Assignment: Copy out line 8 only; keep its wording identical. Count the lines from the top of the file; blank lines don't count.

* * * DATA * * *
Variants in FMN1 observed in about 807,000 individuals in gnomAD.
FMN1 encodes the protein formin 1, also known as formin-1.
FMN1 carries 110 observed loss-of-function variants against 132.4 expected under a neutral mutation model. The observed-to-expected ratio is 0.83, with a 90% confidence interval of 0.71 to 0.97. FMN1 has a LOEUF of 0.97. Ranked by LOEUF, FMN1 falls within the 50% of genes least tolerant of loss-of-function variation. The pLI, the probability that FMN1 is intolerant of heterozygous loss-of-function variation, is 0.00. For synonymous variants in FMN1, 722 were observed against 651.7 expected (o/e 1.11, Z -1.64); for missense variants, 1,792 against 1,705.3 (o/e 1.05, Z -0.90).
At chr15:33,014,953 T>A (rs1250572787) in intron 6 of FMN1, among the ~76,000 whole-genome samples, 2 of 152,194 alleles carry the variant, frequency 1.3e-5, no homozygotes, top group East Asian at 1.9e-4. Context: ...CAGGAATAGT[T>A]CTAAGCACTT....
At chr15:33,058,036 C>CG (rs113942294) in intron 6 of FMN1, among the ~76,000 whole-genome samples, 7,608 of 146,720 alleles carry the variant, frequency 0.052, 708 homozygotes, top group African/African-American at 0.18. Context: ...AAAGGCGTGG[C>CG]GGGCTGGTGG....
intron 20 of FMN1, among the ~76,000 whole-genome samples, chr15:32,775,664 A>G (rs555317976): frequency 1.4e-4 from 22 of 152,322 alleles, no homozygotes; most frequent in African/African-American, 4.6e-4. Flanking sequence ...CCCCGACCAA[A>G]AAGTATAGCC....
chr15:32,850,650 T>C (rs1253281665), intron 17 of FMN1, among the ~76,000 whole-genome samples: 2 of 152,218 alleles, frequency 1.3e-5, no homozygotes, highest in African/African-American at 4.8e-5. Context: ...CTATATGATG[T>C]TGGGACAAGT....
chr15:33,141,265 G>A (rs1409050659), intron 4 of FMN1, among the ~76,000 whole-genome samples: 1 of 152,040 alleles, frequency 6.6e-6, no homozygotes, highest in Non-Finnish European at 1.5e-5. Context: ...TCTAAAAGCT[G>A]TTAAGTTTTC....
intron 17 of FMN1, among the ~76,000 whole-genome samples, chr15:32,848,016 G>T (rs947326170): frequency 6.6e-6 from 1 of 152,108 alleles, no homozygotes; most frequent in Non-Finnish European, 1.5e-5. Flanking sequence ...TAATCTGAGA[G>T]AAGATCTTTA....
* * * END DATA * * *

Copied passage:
chr15:33,141,265 G>A (rs1409050659), intron 4 of FMN1, among the ~76,000 whole-genome samples: 1 of 152,040 alleles, frequency 6.6e-6, no homozygotes, highest in Non-Finnish European at 1.5e-5. Context: ...TCTAAAAGCT[G>A]TTAAGTTTTC....